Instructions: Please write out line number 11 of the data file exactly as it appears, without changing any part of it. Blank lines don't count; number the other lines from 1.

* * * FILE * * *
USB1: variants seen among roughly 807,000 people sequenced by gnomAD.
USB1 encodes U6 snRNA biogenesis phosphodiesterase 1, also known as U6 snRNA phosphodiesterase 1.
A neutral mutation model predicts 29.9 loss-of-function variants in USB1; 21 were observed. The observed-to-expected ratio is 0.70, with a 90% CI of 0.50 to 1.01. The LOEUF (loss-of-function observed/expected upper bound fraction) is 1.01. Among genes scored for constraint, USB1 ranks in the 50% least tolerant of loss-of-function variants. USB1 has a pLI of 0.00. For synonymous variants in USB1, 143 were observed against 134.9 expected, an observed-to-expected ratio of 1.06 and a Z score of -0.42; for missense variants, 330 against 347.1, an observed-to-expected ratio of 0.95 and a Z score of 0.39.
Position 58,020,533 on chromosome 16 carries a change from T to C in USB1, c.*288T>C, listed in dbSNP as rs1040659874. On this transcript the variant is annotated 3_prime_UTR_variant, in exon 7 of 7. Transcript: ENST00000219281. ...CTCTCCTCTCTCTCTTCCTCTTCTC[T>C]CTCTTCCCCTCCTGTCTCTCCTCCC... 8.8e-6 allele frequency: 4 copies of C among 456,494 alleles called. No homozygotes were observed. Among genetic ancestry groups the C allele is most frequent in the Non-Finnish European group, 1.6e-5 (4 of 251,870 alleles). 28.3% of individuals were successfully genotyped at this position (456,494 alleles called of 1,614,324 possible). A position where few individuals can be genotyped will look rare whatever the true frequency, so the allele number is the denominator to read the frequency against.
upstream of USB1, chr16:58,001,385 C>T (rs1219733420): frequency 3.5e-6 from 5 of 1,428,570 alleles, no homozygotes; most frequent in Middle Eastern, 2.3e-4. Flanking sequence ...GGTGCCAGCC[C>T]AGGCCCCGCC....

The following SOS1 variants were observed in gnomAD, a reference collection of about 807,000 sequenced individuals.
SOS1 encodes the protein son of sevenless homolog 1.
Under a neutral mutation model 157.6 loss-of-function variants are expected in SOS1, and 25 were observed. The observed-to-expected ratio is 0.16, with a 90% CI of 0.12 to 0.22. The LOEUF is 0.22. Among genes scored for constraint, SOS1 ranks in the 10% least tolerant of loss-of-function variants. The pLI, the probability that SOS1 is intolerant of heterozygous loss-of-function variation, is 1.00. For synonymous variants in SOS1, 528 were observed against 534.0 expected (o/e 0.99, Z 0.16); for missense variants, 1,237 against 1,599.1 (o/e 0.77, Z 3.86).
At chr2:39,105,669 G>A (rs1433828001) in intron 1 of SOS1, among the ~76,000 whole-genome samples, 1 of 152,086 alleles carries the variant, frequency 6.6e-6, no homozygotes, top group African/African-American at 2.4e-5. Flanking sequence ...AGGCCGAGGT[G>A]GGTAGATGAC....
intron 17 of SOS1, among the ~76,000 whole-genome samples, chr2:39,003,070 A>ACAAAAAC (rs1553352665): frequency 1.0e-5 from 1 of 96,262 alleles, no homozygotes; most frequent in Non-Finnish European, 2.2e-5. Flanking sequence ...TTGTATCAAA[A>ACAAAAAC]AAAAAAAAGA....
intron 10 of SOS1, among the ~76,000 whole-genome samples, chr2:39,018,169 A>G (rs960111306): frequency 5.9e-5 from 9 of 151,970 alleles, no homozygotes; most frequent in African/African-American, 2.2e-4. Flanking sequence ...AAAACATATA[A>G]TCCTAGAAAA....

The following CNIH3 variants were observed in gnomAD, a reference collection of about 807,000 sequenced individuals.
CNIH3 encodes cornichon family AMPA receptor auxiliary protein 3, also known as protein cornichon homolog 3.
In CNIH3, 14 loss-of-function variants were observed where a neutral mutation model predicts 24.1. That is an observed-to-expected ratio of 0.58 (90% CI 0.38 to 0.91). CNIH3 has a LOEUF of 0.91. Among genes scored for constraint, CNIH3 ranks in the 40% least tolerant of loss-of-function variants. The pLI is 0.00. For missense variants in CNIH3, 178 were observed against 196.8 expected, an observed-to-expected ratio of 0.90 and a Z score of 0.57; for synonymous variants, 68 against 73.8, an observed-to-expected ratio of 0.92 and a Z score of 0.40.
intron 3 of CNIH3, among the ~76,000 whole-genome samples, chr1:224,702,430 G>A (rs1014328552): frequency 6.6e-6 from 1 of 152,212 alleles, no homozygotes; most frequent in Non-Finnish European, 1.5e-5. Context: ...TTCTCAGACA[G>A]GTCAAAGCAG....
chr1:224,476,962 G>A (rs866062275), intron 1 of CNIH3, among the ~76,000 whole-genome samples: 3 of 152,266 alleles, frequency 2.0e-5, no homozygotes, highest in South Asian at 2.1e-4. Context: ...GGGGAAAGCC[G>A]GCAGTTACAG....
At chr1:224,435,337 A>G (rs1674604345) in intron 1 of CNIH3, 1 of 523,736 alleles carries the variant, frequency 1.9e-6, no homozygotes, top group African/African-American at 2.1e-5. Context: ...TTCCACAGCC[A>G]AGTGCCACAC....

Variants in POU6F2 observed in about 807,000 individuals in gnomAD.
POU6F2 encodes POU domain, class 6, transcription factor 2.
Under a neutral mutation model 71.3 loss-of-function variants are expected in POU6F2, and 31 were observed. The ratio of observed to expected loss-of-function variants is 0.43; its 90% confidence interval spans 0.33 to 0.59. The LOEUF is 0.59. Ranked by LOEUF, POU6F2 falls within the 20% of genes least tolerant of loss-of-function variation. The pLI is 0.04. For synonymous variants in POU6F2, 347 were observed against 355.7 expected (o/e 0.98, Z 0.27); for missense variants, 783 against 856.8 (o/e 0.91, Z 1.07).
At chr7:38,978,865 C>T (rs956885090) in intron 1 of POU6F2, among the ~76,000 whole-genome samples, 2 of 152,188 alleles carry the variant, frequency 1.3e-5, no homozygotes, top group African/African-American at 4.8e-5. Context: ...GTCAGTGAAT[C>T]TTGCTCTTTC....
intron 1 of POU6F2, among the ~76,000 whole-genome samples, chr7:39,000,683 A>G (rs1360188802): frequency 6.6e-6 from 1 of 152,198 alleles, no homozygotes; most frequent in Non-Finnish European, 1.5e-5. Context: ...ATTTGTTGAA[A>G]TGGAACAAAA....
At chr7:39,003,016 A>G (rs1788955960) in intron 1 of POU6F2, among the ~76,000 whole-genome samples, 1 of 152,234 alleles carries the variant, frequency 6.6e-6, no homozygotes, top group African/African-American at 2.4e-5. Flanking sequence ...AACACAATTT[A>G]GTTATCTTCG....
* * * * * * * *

intron 10 of SOS1, among the ~76,000 whole-genome samples, chr2:39,018,169 A>G (rs960111306): frequency 5.9e-5 from 9 of 151,970 alleles, no homozygotes; most frequent in African/African-American, 2.2e-4. Flanking sequence ...AAAACATATA[A>G]TCCTAGAAAA....